Benefits Of Eating Fruits And Vegetables

Let me start off this blog by saying that if you hate fruits and vegetables, there is an easy way to consume them (and to consume your required daily serving of seven different fruits and vegetables). A commercial blender is the best investment you can make in your health. All you need to do is plop five different vegetables and a couple of fruits into your blender, pour in some orange juice, and let her rip. You’ll have a soup fit for a health king. Adding apples, pears, kiwi fruit, and berries to your smoothie will make the vegetables and greens palatable, and you won’t have to do a whole lot of chewing.

eat more fruit for health

So, what are the benefits of fruits and vegetables? Besides fighting heart disease, cancer, and degenerative disease in general, fruits and vegetables give us long-term energy throughout the day, without the jolts and spikes that coffee does, and the fiber in fruits and vegetables helps us make regular bowel movements. When our bowel movements are regular, we feel better and have a better gut ecosystem. The health of our gut is important to the rest of our body.

Fruits and vegetables are chock full of vitamins, minerals, and micronutrients, but they’re also full of special plant-based substances that protect our cells and help our bodies function better. Phytonutrients and other biochemical substances in fruits and vegetables protect us from the damaging effects of radiation, pollutants, and irritants, and they can help protect us against cancer. The powerful antioxidants that protect the plants from the sun’s UV rays can protect us when we consume them.

Fruits and vegetable consumption was a primary staple of Jack LaLane’s regimen, and he lived into his mid-90s. When was the last time you heard about someone living into their mid-90s without a serious health problem along the way?

Exercise Extends Your Lifespan

Research is building that exercise extends your lifespan, and the opposite is true as well (not exercising and sitting for long periods of time can shorten your lifespan). In fact, some medical researchers are saying that sitting is the new smoking.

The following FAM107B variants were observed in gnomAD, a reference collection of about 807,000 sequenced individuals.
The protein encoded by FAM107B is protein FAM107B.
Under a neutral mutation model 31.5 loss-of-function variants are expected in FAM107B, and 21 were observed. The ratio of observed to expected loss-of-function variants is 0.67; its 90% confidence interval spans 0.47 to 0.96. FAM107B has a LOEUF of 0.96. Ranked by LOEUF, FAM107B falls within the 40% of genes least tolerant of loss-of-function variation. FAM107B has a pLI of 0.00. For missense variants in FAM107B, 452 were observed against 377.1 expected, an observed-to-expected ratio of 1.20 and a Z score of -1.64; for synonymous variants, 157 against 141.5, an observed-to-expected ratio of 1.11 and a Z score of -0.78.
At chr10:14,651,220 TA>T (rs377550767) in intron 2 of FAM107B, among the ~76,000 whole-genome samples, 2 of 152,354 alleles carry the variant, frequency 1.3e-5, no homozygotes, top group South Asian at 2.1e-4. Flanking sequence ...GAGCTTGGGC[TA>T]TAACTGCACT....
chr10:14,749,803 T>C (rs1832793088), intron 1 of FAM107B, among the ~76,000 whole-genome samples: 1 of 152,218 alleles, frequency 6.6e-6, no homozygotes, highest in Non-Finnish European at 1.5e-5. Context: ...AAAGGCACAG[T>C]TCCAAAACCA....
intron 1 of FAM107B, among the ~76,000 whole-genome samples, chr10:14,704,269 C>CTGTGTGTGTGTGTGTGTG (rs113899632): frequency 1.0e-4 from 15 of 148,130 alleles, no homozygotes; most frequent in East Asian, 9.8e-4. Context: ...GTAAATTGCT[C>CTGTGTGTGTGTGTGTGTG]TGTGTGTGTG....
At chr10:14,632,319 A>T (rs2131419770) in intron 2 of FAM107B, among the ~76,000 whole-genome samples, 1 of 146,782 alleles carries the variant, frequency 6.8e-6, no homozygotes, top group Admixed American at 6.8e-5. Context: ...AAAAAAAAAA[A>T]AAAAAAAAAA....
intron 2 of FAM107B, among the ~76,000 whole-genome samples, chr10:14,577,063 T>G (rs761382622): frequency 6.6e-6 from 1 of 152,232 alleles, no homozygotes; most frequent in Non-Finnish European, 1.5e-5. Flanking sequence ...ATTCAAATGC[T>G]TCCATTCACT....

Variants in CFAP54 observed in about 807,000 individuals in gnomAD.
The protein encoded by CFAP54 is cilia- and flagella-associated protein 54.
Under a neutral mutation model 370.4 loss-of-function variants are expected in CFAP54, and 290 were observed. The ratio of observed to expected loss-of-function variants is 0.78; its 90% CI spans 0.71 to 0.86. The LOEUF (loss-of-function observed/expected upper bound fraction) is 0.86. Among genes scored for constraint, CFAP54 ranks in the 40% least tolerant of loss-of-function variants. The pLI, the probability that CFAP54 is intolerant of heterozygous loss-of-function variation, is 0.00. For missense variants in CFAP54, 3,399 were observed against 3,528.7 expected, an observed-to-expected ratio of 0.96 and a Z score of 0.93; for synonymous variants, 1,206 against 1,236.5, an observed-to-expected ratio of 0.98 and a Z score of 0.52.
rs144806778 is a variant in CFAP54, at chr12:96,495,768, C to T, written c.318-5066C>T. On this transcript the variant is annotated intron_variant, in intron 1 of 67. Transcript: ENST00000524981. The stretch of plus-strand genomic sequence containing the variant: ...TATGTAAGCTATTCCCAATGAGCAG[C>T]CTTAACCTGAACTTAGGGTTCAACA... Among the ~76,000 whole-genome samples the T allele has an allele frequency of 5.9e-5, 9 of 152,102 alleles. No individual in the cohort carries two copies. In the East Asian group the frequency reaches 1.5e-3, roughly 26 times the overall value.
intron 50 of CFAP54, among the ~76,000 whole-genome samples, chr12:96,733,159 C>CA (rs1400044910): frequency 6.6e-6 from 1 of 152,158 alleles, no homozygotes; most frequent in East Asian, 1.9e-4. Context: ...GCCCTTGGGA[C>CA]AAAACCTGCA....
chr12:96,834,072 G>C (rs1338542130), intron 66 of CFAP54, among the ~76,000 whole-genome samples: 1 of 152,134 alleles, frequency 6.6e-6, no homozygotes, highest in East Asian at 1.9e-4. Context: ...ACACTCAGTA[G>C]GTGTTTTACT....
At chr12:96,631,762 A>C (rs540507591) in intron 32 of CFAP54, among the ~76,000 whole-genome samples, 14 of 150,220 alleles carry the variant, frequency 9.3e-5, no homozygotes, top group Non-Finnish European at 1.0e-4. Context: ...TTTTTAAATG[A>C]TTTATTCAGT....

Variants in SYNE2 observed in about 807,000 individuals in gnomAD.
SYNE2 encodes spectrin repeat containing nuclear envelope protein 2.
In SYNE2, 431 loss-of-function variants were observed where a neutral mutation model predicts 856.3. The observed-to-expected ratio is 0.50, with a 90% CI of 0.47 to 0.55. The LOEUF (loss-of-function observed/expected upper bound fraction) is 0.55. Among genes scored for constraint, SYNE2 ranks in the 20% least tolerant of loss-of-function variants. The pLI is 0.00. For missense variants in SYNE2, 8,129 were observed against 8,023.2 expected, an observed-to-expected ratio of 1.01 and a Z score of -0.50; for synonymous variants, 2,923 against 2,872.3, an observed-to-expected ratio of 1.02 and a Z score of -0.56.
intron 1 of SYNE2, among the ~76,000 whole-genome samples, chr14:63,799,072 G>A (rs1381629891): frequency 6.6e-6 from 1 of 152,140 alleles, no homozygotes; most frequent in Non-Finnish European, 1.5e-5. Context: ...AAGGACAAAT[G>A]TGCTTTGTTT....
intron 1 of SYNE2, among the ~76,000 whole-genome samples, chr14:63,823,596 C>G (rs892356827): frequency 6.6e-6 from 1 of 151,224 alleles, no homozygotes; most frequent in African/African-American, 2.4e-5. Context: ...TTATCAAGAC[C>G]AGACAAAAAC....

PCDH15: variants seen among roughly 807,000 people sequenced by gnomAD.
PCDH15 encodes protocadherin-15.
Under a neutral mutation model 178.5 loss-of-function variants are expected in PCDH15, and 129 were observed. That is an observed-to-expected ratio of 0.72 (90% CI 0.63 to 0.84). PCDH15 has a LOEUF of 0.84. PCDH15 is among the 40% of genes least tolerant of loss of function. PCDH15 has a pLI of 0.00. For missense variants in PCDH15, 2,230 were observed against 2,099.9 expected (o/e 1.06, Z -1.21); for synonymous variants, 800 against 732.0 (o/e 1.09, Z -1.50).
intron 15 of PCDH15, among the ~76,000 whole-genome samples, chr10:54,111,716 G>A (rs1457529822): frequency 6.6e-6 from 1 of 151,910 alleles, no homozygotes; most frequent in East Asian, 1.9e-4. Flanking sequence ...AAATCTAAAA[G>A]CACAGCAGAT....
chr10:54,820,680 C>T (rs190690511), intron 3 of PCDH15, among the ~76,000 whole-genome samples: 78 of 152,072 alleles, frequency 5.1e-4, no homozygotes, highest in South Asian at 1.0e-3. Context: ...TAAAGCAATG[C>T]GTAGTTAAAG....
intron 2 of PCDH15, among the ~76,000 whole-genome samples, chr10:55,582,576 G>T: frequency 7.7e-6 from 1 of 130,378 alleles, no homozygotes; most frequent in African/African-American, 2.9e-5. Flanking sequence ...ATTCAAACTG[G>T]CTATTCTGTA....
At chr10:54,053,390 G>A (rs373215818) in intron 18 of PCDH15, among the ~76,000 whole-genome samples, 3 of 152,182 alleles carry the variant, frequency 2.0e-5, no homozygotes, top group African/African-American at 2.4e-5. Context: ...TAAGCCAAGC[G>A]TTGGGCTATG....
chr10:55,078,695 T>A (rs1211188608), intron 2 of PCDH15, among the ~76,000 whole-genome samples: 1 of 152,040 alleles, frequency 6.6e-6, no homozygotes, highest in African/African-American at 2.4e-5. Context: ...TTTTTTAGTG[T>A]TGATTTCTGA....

A new study found that exercise extended the life expectancy of all people, including those who were morbidly obese.

People who take part in some kind of moderate to strenuous physical activity live longer – no matter how fat they are, a study published in the PLoS medicine journal found.

Scientists from the National Cancer Institute led the study. The study found that people who engaged in at least 2.5 hours of moderate exercise or 1.5 hours of vigorous exercise weekly lived, for the most part, three to four years longer than people who didn’t exercise at all.

Moderate exercise includes activities in which you are able to talk, like walking very briskly, and vigorous physical activity is defined by the inability to carry on a conversation easily, such as jogging for a long period of time or running very fast.

When the exercise amount was doubled, the life expectancy increased, but the benefits started to plateau after that.

There have been several studies done that have shown that regular exercise over a long period of time can lessen the risk of heart attack, lower blood sugar, and improve lung function. Furthermore, exercise can increase bone and muscle strength in old age.

Regular, lifelong exercise will reduce your chance of an early death and increase your life expectancy, but it probably won’t extend your lifespan to the max. There are even some studies that show that making sedentary people exercise will increase their life expectancy, no matter how old or out of shape they are.